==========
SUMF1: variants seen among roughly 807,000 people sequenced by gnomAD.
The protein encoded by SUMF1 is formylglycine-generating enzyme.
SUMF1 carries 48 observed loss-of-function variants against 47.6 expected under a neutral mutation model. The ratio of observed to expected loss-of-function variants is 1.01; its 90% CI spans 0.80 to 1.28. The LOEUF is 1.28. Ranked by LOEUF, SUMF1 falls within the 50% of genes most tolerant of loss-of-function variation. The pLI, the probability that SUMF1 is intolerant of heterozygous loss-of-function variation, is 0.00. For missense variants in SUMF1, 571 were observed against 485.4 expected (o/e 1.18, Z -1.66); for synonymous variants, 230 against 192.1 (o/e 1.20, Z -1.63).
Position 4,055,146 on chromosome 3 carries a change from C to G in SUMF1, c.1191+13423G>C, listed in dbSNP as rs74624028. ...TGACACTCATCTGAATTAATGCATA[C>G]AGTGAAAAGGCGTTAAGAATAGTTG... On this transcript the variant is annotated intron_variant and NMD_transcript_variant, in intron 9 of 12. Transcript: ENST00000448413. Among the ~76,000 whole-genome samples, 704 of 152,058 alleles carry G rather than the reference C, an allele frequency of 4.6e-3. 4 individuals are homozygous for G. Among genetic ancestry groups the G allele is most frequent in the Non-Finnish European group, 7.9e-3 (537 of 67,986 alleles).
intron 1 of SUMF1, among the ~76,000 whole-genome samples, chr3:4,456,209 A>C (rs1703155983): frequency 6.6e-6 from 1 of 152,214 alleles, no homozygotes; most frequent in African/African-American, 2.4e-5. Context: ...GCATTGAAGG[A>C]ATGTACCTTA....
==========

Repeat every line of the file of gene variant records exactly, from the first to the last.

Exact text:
SUMF1: variants seen among roughly 807,000 people sequenced by gnomAD.
The protein encoded by SUMF1 is formylglycine-generating enzyme.
SUMF1 carries 48 observed loss-of-function variants against 47.6 expected under a neutral mutation model. The ratio of observed to expected loss-of-function variants is 1.01; its 90% CI spans 0.80 to 1.28. The LOEUF is 1.28. Ranked by LOEUF, SUMF1 falls within the 50% of genes most tolerant of loss-of-function variation. The pLI, the probability that SUMF1 is intolerant of heterozygous loss-of-function variation, is 0.00. For missense variants in SUMF1, 571 were observed against 485.4 expected (o/e 1.18, Z -1.66); for synonymous variants, 230 against 192.1 (o/e 1.20, Z -1.63).
Position 4,055,146 on chromosome 3 carries a change from C to G in SUMF1, c.1191+13423G>C, listed in dbSNP as rs74624028. ...TGACACTCATCTGAATTAATGCATA[C>G]AGTGAAAAGGCGTTAAGAATAGTTG... On this transcript the variant is annotated intron_variant and NMD_transcript_variant, in intron 9 of 12. Transcript: ENST00000448413. Among the ~76,000 whole-genome samples, 704 of 152,058 alleles carry G rather than the reference C, an allele frequency of 4.6e-3. 4 individuals are homozygous for G. Among genetic ancestry groups the G allele is most frequent in the Non-Finnish European group, 7.9e-3 (537 of 67,986 alleles).
intron 1 of SUMF1, among the ~76,000 whole-genome samples, chr3:4,456,209 A>C (rs1703155983): frequency 6.6e-6 from 1 of 152,214 alleles, no homozygotes; most frequent in African/African-American, 2.4e-5. Context: ...GCATTGAAGG[A>C]ATGTACCTTA....